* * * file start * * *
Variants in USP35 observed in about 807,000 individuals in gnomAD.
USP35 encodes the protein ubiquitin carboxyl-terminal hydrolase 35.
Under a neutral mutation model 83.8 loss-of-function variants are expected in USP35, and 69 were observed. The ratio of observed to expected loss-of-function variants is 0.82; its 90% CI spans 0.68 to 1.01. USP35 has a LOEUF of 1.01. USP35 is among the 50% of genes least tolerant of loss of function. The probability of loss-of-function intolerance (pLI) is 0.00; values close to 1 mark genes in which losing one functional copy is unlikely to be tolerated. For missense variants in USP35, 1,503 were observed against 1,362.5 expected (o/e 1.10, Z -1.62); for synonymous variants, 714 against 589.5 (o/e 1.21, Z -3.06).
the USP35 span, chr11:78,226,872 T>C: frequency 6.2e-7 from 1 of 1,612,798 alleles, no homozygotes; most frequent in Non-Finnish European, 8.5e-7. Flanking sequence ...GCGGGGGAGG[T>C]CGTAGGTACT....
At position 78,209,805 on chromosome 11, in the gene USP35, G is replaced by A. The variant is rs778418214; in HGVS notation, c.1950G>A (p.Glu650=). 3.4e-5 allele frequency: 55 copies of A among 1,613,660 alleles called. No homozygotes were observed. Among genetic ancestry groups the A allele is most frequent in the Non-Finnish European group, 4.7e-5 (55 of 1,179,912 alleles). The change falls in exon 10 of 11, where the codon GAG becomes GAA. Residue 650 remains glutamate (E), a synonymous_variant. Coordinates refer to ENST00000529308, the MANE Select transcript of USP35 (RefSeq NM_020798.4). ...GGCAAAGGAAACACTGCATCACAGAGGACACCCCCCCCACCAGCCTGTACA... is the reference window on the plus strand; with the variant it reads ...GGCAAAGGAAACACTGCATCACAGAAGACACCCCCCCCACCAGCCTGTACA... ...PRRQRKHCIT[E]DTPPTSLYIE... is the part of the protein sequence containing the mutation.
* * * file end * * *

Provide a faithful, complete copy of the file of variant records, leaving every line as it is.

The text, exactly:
Variants in USP35 observed in about 807,000 individuals in gnomAD.
USP35 encodes the protein ubiquitin carboxyl-terminal hydrolase 35.
Under a neutral mutation model 83.8 loss-of-function variants are expected in USP35, and 69 were observed. The ratio of observed to expected loss-of-function variants is 0.82; its 90% CI spans 0.68 to 1.01. USP35 has a LOEUF of 1.01. USP35 is among the 50% of genes least tolerant of loss of function. The probability of loss-of-function intolerance (pLI) is 0.00; values close to 1 mark genes in which losing one functional copy is unlikely to be tolerated. For missense variants in USP35, 1,503 were observed against 1,362.5 expected (o/e 1.10, Z -1.62); for synonymous variants, 714 against 589.5 (o/e 1.21, Z -3.06).
the USP35 span, chr11:78,226,872 T>C: frequency 6.2e-7 from 1 of 1,612,798 alleles, no homozygotes; most frequent in Non-Finnish European, 8.5e-7. Flanking sequence ...GCGGGGGAGG[T>C]CGTAGGTACT....
At position 78,209,805 on chromosome 11, in the gene USP35, G is replaced by A. The variant is rs778418214; in HGVS notation, c.1950G>A (p.Glu650=). 3.4e-5 allele frequency: 55 copies of A among 1,613,660 alleles called. No homozygotes were observed. Among genetic ancestry groups the A allele is most frequent in the Non-Finnish European group, 4.7e-5 (55 of 1,179,912 alleles). The change falls in exon 10 of 11, where the codon GAG becomes GAA. Residue 650 remains glutamate (E), a synonymous_variant. Coordinates refer to ENST00000529308, the MANE Select transcript of USP35 (RefSeq NM_020798.4). ...GGCAAAGGAAACACTGCATCACAGAGGACACCCCCCCCACCAGCCTGTACA... is the reference window on the plus strand; with the variant it reads ...GGCAAAGGAAACACTGCATCACAGAAGACACCCCCCCCACCAGCCTGTACA... ...PRRQRKHCIT[E]DTPPTSLYIE... is the part of the protein sequence containing the mutation.